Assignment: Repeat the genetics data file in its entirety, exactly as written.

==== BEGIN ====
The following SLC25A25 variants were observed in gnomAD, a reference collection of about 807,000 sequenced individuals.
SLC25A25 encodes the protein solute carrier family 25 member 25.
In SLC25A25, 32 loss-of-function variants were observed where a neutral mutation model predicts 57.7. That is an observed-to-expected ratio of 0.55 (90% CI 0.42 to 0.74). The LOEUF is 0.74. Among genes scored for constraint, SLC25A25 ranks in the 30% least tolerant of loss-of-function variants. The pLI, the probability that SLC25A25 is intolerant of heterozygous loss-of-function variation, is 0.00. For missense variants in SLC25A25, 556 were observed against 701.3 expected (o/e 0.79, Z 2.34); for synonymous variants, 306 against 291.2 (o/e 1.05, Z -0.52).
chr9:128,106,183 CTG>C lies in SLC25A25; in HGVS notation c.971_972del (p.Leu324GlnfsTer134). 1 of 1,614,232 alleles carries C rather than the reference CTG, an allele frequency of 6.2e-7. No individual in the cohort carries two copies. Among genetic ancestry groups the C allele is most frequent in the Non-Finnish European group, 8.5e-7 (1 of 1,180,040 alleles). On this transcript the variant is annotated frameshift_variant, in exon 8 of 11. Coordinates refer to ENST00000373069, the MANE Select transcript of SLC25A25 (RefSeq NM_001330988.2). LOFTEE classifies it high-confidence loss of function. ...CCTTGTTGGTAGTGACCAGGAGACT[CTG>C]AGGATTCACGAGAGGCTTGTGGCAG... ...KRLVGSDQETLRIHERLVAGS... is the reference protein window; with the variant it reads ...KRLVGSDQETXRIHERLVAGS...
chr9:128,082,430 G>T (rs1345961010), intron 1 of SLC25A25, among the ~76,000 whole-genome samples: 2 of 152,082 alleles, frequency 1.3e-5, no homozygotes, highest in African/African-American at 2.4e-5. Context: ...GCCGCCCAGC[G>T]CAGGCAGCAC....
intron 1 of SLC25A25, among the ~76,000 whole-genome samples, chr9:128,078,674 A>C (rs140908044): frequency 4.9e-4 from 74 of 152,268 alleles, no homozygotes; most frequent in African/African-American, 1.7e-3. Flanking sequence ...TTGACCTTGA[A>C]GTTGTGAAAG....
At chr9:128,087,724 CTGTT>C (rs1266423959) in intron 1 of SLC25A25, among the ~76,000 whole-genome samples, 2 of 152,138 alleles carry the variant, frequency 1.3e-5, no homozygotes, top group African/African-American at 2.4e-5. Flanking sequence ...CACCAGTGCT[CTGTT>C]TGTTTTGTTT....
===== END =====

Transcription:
The following SLC25A25 variants were observed in gnomAD, a reference collection of about 807,000 sequenced individuals.
SLC25A25 encodes the protein solute carrier family 25 member 25.
In SLC25A25, 32 loss-of-function variants were observed where a neutral mutation model predicts 57.7. That is an observed-to-expected ratio of 0.55 (90% CI 0.42 to 0.74). The LOEUF is 0.74. Among genes scored for constraint, SLC25A25 ranks in the 30% least tolerant of loss-of-function variants. The pLI, the probability that SLC25A25 is intolerant of heterozygous loss-of-function variation, is 0.00. For missense variants in SLC25A25, 556 were observed against 701.3 expected (o/e 0.79, Z 2.34); for synonymous variants, 306 against 291.2 (o/e 1.05, Z -0.52).
chr9:128,106,183 CTG>C lies in SLC25A25; in HGVS notation c.971_972del (p.Leu324GlnfsTer134). 1 of 1,614,232 alleles carries C rather than the reference CTG, an allele frequency of 6.2e-7. No individual in the cohort carries two copies. Among genetic ancestry groups the C allele is most frequent in the Non-Finnish European group, 8.5e-7 (1 of 1,180,040 alleles). On this transcript the variant is annotated frameshift_variant, in exon 8 of 11. Coordinates refer to ENST00000373069, the MANE Select transcript of SLC25A25 (RefSeq NM_001330988.2). LOFTEE classifies it high-confidence loss of function. ...CCTTGTTGGTAGTGACCAGGAGACT[CTG>C]AGGATTCACGAGAGGCTTGTGGCAG... ...KRLVGSDQETLRIHERLVAGS... is the reference protein window; with the variant it reads ...KRLVGSDQETXRIHERLVAGS...
chr9:128,082,430 G>T (rs1345961010), intron 1 of SLC25A25, among the ~76,000 whole-genome samples: 2 of 152,082 alleles, frequency 1.3e-5, no homozygotes, highest in African/African-American at 2.4e-5. Context: ...GCCGCCCAGC[G>T]CAGGCAGCAC....
intron 1 of SLC25A25, among the ~76,000 whole-genome samples, chr9:128,078,674 A>C (rs140908044): frequency 4.9e-4 from 74 of 152,268 alleles, no homozygotes; most frequent in African/African-American, 1.7e-3. Flanking sequence ...TTGACCTTGA[A>C]GTTGTGAAAG....
At chr9:128,087,724 CTGTT>C (rs1266423959) in intron 1 of SLC25A25, among the ~76,000 whole-genome samples, 2 of 152,138 alleles carry the variant, frequency 1.3e-5, no homozygotes, top group African/African-American at 2.4e-5. Flanking sequence ...CACCAGTGCT[CTGTT>C]TGTTTTGTTT....